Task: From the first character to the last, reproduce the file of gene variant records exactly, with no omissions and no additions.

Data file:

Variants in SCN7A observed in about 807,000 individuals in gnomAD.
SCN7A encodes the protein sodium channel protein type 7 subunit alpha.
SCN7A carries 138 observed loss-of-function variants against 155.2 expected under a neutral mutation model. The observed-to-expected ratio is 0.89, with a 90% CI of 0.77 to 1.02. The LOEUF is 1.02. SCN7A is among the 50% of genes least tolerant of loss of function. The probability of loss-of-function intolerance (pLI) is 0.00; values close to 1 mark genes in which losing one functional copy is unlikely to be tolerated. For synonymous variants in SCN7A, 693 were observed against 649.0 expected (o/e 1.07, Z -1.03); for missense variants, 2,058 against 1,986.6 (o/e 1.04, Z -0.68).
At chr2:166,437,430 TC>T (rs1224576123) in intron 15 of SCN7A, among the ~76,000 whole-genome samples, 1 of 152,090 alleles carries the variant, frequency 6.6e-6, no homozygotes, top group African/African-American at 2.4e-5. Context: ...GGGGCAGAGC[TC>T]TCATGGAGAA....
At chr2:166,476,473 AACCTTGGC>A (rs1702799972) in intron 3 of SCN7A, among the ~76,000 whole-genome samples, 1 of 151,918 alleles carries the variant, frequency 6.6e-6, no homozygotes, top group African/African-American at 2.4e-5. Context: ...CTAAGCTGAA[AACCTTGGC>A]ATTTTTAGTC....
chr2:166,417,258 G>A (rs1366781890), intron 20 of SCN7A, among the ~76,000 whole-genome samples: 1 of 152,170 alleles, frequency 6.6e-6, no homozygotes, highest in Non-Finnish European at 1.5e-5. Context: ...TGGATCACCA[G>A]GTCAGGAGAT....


Variants in SCN7A observed in about 807,000 individuals in gnomAD.
SCN7A encodes the protein sodium channel protein type 7 subunit alpha.
SCN7A carries 138 observed loss-of-function variants against 155.2 expected under a neutral mutation model. The observed-to-expected ratio is 0.89, with a 90% CI of 0.77 to 1.02. The LOEUF is 1.02. SCN7A is among the 50% of genes least tolerant of loss of function. The probability of loss-of-function intolerance (pLI) is 0.00; values close to 1 mark genes in which losing one functional copy is unlikely to be tolerated. For synonymous variants in SCN7A, 693 were observed against 649.0 expected (o/e 1.07, Z -1.03); for missense variants, 2,058 against 1,986.6 (o/e 1.04, Z -0.68).
At chr2:166,437,430 TC>T (rs1224576123) in intron 15 of SCN7A, among the ~76,000 whole-genome samples, 1 of 152,090 alleles carries the variant, frequency 6.6e-6, no homozygotes, top group African/African-American at 2.4e-5. Context: ...GGGGCAGAGC[TC>T]TCATGGAGAA....
At chr2:166,476,473 AACCTTGGC>A (rs1702799972) in intron 3 of SCN7A, among the ~76,000 whole-genome samples, 1 of 151,918 alleles carries the variant, frequency 6.6e-6, no homozygotes, top group African/African-American at 2.4e-5. Context: ...CTAAGCTGAA[AACCTTGGC>A]ATTTTTAGTC....
chr2:166,417,258 G>A (rs1366781890), intron 20 of SCN7A, among the ~76,000 whole-genome samples: 1 of 152,170 alleles, frequency 6.6e-6, no homozygotes, highest in Non-Finnish European at 1.5e-5. Context: ...TGGATCACCA[G>A]GTCAGGAGAT....